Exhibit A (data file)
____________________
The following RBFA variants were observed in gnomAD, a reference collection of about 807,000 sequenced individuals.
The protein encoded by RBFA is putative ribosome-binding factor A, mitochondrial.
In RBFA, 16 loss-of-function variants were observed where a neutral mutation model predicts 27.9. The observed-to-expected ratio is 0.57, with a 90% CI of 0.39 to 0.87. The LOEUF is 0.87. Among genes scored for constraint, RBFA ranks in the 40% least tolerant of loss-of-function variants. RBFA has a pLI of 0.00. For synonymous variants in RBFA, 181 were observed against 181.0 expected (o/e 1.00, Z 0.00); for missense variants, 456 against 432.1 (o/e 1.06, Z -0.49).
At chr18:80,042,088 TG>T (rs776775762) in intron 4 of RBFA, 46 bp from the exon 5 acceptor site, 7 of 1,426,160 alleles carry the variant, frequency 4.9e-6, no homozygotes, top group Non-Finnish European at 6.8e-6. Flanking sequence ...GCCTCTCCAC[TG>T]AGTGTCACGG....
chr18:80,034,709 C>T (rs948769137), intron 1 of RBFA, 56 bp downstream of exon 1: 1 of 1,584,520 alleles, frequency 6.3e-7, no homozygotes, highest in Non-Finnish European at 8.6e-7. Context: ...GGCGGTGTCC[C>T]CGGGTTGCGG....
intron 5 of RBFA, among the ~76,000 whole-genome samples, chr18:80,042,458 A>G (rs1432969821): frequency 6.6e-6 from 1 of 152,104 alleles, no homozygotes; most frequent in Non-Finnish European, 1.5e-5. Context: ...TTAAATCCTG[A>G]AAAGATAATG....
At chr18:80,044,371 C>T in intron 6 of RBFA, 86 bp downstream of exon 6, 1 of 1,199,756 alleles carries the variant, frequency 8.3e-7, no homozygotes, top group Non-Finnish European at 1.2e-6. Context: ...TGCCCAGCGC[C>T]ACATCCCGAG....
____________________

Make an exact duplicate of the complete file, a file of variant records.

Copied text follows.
The following RBFA variants were observed in gnomAD, a reference collection of about 807,000 sequenced individuals.
The protein encoded by RBFA is putative ribosome-binding factor A, mitochondrial.
In RBFA, 16 loss-of-function variants were observed where a neutral mutation model predicts 27.9. The observed-to-expected ratio is 0.57, with a 90% CI of 0.39 to 0.87. The LOEUF is 0.87. Among genes scored for constraint, RBFA ranks in the 40% least tolerant of loss-of-function variants. RBFA has a pLI of 0.00. For synonymous variants in RBFA, 181 were observed against 181.0 expected (o/e 1.00, Z 0.00); for missense variants, 456 against 432.1 (o/e 1.06, Z -0.49).
At chr18:80,042,088 TG>T (rs776775762) in intron 4 of RBFA, 46 bp from the exon 5 acceptor site, 7 of 1,426,160 alleles carry the variant, frequency 4.9e-6, no homozygotes, top group Non-Finnish European at 6.8e-6. Flanking sequence ...GCCTCTCCAC[TG>T]AGTGTCACGG....
chr18:80,034,709 C>T (rs948769137), intron 1 of RBFA, 56 bp downstream of exon 1: 1 of 1,584,520 alleles, frequency 6.3e-7, no homozygotes, highest in Non-Finnish European at 8.6e-7. Context: ...GGCGGTGTCC[C>T]CGGGTTGCGG....
intron 5 of RBFA, among the ~76,000 whole-genome samples, chr18:80,042,458 A>G (rs1432969821): frequency 6.6e-6 from 1 of 152,104 alleles, no homozygotes; most frequent in Non-Finnish European, 1.5e-5. Context: ...TTAAATCCTG[A>G]AAAGATAATG....
At chr18:80,044,371 C>T in intron 6 of RBFA, 86 bp downstream of exon 6, 1 of 1,199,756 alleles carries the variant, frequency 8.3e-7, no homozygotes, top group Non-Finnish European at 1.2e-6. Context: ...TGCCCAGCGC[C>T]ACATCCCGAG....